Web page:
Hades is described in Jesus’ story of the rich man and Lazarus, recorded in Luke 16:19-31. This place of the dead has two compartments with an impassible chasm between, with one for the wicked and one that is paradise. The compartment for the wicked is described as bringing the rich man torment. But now Jesus has the key to all of Hades. And soon we shall see a time when Hades is thrown into the lake of fire, which is the permanent source of torment for the devil and his followers, and those whose names are not written in the Book of Life (Revelation 20:14).

Jesus then states: Therefore write the things which you have seen…

Jesus’ inclusion of Therefore indicates a progression of thought. It might be something along the lines of “Since you are My disciple John, and I am Jesus in my glorified state, and I have a job for you to do, now therefore stop lying at My feet like a dead man, and get up and get busy writing down what I am going to show you.”

Jesus tells John he is to not only write the things which he has seen already. He is also to write the things which are, and the things which will take place after these things. John is to write the past, present, and future experiences and events that will be revealed to him. Jesus pauses to explain some of what John has seen already, for John to record for the readers of the Revelation. Jesus explains that the mystery of the seven stars which you saw in My right hand, and the seven golden lampstands: the seven stars are the angels of the seven churches, and the seven lampstands are the seven churches. It seems clear that John had no idea what any of this meant, and it was a mystery to him. So now Jesus will disclose the mystery for his understanding, and to pass along to those who read the testimony he will pen.

Jesus states that the seven stars that John saw in Jesus’ right hand were the angels of the seven churches. Angels is a translation of the Greek “angelios,”and means “messengers.” This could refer to heavenly messengers, or human messengers. Since Jesus used His right hand to comfort John, perhaps at this point Jesus is explaining something John saw, but no longer sees. This indicates that this is likely symbolic, showing that the angels or messengers are in the care and protection of Jesus, as they are in His right hand.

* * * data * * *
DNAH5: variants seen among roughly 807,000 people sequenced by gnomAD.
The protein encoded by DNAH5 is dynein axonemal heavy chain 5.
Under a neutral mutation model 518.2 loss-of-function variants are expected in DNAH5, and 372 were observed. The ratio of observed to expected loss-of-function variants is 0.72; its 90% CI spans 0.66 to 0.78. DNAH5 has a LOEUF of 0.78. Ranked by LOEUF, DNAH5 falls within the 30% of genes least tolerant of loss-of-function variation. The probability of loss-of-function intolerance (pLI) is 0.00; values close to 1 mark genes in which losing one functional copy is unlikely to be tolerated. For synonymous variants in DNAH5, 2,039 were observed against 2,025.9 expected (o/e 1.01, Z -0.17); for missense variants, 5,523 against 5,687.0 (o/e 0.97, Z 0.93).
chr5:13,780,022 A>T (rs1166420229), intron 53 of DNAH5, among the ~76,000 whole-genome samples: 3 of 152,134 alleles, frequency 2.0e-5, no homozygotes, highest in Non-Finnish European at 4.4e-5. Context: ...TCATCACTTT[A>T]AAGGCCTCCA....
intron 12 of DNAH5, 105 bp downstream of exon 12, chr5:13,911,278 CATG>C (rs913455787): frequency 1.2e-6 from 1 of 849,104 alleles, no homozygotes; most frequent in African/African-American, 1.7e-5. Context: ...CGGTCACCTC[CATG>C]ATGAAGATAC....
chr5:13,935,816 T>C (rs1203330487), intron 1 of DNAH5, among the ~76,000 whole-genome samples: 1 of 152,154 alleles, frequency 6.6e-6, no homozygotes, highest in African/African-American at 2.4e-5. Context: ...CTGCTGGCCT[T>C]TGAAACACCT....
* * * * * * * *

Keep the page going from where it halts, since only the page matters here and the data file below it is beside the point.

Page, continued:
John also saw Jesus standing in the midst of seven golden lampstands. These lampstands are the seven churches. The passage does not say the lampstands represent the seven churches, it says they are the seven churches. The seven churches are clearly assemblies of human believers living in the seven cities noted in verse 11, which are physical cities on earth. The seven lampstands could be connected with Jesus’ statement:

“For where two or three are gathered together in My name, I am there in the midst of them.”
(Matthew 18:20)

Perhaps in addition to Jesus being present at any assembly of believers on earth, the church is also present in spirit with Jesus in heaven. It could also represent Jesus’ intimate presence, watch, and care over the churches.

Biblical Text:

17 b And He placed His right hand on me, saying, “Do not be afraid; I am the first and the last, 18 and the living One; and I was dead, and behold, I am alive forevermore, and I have the keys of death and of Hades. 19 Therefore write the things which you have seen, and the things which are, and the things which will take place after these things. 20 As for the mystery of the seven stars which you saw in My right hand, and the seven golden lampstands: the seven stars are the angels of the seven churches, and the seven lampstands are the seven churches.